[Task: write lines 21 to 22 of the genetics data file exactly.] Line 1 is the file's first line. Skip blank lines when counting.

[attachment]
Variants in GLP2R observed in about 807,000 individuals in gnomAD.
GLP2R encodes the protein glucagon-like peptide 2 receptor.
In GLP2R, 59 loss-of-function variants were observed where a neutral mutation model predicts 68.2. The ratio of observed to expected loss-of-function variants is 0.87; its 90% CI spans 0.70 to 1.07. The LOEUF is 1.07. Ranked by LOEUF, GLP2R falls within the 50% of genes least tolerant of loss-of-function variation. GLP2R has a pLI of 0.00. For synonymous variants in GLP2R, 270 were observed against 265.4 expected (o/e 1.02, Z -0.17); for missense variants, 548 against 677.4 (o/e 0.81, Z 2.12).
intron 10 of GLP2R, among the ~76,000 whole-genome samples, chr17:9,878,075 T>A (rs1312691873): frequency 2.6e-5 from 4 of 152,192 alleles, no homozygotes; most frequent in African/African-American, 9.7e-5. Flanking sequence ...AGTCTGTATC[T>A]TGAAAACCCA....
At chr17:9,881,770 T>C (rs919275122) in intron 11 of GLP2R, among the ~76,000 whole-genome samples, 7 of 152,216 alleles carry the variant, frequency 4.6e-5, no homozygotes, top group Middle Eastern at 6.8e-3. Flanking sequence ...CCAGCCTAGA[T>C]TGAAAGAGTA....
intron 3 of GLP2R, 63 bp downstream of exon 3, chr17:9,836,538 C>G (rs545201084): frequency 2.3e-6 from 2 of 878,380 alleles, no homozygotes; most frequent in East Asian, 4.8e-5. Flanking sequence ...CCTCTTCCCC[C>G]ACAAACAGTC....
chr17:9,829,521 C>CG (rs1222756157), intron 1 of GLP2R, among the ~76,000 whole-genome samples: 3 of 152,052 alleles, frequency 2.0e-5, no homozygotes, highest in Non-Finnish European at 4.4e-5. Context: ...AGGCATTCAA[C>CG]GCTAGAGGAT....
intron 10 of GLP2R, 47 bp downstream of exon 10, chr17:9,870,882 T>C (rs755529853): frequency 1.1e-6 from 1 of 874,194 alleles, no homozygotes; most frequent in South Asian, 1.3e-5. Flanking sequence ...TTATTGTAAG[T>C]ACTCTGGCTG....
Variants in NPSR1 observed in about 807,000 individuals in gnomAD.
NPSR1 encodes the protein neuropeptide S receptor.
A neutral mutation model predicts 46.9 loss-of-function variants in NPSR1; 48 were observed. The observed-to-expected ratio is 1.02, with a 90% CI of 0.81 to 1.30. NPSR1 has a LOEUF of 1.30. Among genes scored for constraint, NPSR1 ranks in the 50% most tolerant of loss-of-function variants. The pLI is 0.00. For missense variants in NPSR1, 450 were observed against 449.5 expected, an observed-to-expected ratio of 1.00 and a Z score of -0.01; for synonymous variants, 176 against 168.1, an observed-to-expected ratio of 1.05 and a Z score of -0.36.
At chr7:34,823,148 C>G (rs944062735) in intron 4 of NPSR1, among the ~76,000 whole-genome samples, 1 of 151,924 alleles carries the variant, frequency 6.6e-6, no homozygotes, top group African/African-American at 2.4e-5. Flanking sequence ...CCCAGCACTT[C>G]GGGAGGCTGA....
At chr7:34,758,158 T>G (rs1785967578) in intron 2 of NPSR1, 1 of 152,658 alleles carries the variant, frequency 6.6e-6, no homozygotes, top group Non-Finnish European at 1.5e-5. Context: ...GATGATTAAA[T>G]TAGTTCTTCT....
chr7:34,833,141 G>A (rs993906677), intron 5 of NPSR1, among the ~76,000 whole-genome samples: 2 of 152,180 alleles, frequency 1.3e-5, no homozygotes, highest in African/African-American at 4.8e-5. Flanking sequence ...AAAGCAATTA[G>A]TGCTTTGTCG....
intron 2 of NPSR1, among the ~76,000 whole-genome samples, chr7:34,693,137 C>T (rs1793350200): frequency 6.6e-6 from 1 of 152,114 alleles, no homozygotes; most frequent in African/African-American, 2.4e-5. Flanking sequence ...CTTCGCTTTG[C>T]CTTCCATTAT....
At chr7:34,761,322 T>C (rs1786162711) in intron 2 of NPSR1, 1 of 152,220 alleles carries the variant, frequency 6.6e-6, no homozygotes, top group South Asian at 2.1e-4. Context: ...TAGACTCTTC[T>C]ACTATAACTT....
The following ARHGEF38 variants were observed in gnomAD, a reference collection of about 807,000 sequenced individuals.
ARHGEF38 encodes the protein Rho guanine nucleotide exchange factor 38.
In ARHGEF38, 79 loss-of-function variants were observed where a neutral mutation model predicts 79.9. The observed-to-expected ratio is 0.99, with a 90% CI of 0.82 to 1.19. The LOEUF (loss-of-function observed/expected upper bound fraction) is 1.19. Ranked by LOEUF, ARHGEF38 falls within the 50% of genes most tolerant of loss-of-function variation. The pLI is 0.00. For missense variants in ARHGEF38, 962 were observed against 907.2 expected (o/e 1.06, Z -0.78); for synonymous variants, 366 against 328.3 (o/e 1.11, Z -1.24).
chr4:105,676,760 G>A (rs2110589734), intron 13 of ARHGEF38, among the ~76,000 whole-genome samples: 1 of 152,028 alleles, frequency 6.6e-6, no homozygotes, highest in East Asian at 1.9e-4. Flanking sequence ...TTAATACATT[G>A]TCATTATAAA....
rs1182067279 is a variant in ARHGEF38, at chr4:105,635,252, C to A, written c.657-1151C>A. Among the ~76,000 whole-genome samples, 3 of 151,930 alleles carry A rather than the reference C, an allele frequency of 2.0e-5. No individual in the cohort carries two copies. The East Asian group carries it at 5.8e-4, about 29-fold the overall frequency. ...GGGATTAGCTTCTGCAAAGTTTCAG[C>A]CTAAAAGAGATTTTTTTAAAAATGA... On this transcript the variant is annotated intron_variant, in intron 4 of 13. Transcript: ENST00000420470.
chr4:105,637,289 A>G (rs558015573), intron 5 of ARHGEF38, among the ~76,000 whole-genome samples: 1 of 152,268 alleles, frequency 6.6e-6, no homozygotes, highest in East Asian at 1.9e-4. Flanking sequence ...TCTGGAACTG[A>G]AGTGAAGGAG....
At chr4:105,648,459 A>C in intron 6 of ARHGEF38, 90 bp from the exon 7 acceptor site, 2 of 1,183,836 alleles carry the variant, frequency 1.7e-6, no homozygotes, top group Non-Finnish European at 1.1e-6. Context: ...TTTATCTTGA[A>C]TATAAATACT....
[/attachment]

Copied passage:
rs1182067279 is a variant in ARHGEF38, at chr4:105,635,252, C to A, written c.657-1151C>A. Among the ~76,000 whole-genome samples, 3 of 151,930 alleles carry A rather than the reference C, an allele frequency of 2.0e-5. No individual in the cohort carries two copies. The East Asian group carries it at 5.8e-4, about 29-fold the overall frequency. ...GGGATTAGCTTCTGCAAAGTTTCAG[C>A]CTAAAAGAGATTTTTTTAAAAATGA... On this transcript the variant is annotated intron_variant, in intron 4 of 13. Transcript: ENST00000420470.
chr4:105,637,289 A>G (rs558015573), intron 5 of ARHGEF38, among the ~76,000 whole-genome samples: 1 of 152,268 alleles, frequency 6.6e-6, no homozygotes, highest in East Asian at 1.9e-4. Flanking sequence ...TCTGGAACTG[A>G]AGTGAAGGAG....